Saluting Desmond Tutu, an advocate of light during some of SA’s darkest times
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Happy birthday, Arch, there is no other person who challenges every wrongdoing quite like you did, writes Thembile Ndabeni.
History is not a bunch of lousy stories drafted by people drinking a cup of tea or a glass of beer.
But rather, it is something that unconsciously happens, beyond anybody’s control. No one knows the end. Though history cannot be changed, it contributes in changing itself. It has a stage and actors.
But the difference between actors in a movie and those of history is the role of the star in a movie is guaranteed: he or she won’t die. In history “the star” dies or becomes an ordinary person.
In the making of history, heroes do become villains. During the dark days of apartheid no one ever knew that Archbishop Emeritus Desmond Tutu would be alive today.
But thank God he is still alive and will turn 90 years old today.
Tutu started to rise to prominence during apartheid, when the white regime butchered African schoolchildren marching peacefully against the use of Afrikaans as a medium of instruction.
The massacre on March 21, 1960, not only shocked the world, but also opened its eyes to the way the people of colour were treated by the racist white-supremacist regime.
That is what led to the declaration of apartheid as a “crime against humanity”. But the heartless human butchers from Pretoria were not ashamed and showed no remorse for their action.
It took the likes of Bishop Tutu, Winnie Mandela and Dr Nthato Motlana to stand in defence of the unarmed African children slaughtered by the long knives of the Pretoria criminals.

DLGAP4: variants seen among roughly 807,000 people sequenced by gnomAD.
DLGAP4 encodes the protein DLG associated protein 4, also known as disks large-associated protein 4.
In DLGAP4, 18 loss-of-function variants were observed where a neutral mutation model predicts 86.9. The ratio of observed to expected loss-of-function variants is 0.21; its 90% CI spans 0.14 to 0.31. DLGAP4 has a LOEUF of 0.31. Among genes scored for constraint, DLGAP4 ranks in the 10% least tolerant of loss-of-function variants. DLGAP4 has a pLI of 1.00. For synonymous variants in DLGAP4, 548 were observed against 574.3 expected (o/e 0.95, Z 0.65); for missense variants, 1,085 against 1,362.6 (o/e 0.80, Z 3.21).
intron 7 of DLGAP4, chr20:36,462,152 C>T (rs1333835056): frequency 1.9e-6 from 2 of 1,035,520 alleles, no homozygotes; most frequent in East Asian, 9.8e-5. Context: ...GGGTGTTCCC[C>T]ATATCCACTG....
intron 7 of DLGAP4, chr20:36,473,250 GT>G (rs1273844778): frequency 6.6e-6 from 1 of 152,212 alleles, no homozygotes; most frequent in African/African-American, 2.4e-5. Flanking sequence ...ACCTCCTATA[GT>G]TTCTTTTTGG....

Tutu also saved now IFP leader Mangosuthu Buthelezi’s life in the funeral service of PAC leader Robert Sobukwe. Instead of being remorseful, the apartheid regime escalated its repression and oppression.
That was the era of PW Botha,
Krokodil”, the most vile apartheid leader with hands dripping with the blood of African people. The era combined both repression and propaganda. As the Struggle escalated, so did repression and black-on-black violence.
Archbishop Tutu could not stay away from the fire that affected people.
One of the pillars in fighting against PW Botha’s heavy-handed apartheid regime was international solidarity. The Arch played a significant role in that sphere of the Struggle, calling for sanctions against the apartheid regime.
Despite an ideological feud resulting in the Black Consciousness Movement’s Azapo’s opposition to other people, the Arch and Reverend Allan Boesak were not deterred from inviting Senator Robert Kennedy on a “fact-finding” tour.
That was a continuation and consolidation of the Struggle – international solidarity.
The same Arch was not scared of a mob in 1985. He rescued a man from the clutches of the mob and spoke sharply against it. That was when people accused of being impimpis (traitors) were necklaced.
He tried to reconcile the two feuding ideologies, Black Consciousness and Chartists after the formation of their fronts, the National Forum (NF) and the United Democratic Front (UDF), respectively.
He, together with the likes of Reverend Frank Chikane, were at the forefront in the last step of the first pillar of our liberation Struggle, the mass mobilisation in 1989, the action that preceded the 1990 talks/negotiations.
Though a Christian, he challenged Israeli attacks on Palestine. He did not hide his discontent when the South African government denied the Dalai Lama a visa for the Nobel Summit.
He will remain a human being of integrity and no one can take that away. Happy birthday, Arch, there is no person who challenges every wrongdoing without bias like you did.
You are the most independent, outspoken human being born of flesh and blood. Enjoy your birthday, tata, and many more to come, God bless you!
* Ndabeni is a former history tutor at the University of the Western Cape and former educator at Bulumko Senior Secondary.
** The views expressed here are not necessarily those of IOL.